Sunday, 1 February 2009

The Cow in Apple Time --- War Poem or Bull?

Any reader of Robert Frost's poetry must, sooner or later, come to terms with what he called its 'ulteriority' --- its ability to say one thing and mean another. What, then, does this poem mean?

The Cow in Apple Time

Something inspires the only cow of late
To make no more of a wall than an open gate,
And think no more of wall-builders than fools.
Her face is flecked with pomace and she drools
A cider syrup. Having tasted fruit,
She scorns a pasture withering to the root.
She runs from tree to tree where lie and sweeten
The windfalls spiked with stubble and worm-eaten.
She leaves them bitten when she has to fly.
She bellows on a knoll against the sky.
Her udder shrivels and the milk goes dry.

Frost wrote the poem in England in late 1914. At readings, he always explained that his 'heroic cow' was inspired by the group of animals at the base of the Albert Memorial (see above), having forgotten or perhaps failed to notice that the 'cow' in question is being ridden by Europa. A more obvious source is Frost's own 'Mending Wall', in which walls between neighbo(u)rs are considered especially important 'where there are cows'.

Frost thought about walls in bodily terms: 'One chief disposition of life living is cell walls breaking and cells walls making'. He also thought about them on an international level. Take, as one example among many, 'Education by Poetry', when he resists arguments against nationalism: 'Look! First I want to be a person. And I want you to be a person, and then we can be as interpersonal as you please. We can pull each other's noses --- do all sorts of things. But, first of all, you have got to have the personality. First of all, you have got to have the nations and then they can be as international as they please with each other.'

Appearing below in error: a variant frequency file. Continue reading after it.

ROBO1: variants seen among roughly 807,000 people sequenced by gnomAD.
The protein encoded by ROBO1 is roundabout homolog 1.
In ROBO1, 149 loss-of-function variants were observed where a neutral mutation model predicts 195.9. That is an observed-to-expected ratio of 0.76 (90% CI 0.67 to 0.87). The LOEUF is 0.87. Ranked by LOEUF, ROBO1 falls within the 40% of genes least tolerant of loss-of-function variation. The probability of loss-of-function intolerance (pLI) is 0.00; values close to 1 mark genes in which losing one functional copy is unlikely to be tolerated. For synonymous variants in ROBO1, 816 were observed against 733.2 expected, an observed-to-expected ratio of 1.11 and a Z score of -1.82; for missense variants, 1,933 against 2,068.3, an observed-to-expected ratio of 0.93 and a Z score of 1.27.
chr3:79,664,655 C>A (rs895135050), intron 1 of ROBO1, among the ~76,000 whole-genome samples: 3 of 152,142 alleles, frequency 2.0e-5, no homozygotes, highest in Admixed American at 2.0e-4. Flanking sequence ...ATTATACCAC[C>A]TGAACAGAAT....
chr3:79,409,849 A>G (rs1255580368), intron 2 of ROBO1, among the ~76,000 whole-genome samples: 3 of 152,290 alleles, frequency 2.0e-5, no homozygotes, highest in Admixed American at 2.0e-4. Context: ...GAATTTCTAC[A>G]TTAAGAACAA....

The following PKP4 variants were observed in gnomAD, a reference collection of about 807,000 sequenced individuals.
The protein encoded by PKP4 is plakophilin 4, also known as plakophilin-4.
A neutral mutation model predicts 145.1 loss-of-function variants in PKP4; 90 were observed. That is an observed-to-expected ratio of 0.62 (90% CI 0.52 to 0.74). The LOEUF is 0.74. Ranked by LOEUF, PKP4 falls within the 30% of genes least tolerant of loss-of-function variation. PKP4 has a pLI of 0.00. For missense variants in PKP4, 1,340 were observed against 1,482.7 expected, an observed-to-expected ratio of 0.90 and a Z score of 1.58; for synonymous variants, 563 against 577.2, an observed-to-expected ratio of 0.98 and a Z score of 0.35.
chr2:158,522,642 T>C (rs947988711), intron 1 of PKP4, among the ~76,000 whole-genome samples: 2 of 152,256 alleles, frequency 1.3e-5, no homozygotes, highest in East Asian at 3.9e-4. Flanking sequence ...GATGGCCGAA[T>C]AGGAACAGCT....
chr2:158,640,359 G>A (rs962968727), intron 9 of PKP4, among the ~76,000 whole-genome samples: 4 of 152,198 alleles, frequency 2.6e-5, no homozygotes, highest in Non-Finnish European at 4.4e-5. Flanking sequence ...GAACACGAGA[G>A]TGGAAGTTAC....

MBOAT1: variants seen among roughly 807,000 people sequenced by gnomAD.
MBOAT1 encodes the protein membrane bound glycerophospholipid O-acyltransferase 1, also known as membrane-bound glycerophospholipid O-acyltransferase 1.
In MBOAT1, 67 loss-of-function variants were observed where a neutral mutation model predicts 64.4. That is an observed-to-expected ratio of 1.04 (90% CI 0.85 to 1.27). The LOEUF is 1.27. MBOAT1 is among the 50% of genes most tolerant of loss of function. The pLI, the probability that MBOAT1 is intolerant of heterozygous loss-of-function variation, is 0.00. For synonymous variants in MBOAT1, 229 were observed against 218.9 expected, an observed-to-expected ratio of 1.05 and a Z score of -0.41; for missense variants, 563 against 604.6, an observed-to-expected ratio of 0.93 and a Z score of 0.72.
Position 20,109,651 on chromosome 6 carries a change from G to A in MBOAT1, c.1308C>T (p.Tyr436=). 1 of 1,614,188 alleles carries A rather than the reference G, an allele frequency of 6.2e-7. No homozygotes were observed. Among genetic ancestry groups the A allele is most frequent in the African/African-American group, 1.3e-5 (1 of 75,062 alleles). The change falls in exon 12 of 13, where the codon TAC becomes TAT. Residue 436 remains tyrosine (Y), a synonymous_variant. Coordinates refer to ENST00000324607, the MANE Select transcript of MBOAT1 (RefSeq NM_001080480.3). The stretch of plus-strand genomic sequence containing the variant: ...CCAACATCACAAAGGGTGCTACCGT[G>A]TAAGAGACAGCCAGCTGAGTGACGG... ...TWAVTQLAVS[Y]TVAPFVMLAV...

Frost's cow is transgressive. She crosses boundaries to taste forbidden fruit, and having been driven back to her proper territory, she suffers the consequences of her greed, losing the ability to nourish her own offspring. In late 1914, one ulterior meaning would have clearly presented itself. Frost's subsequent omission of Europa is the most revealing of disguises. What is the poem about, if not the outbreak of hostilities on the continent which takes its name from that mythical heroine?

It is about a cow which gorges itself in an orchard. That much, at least, we can agree on.

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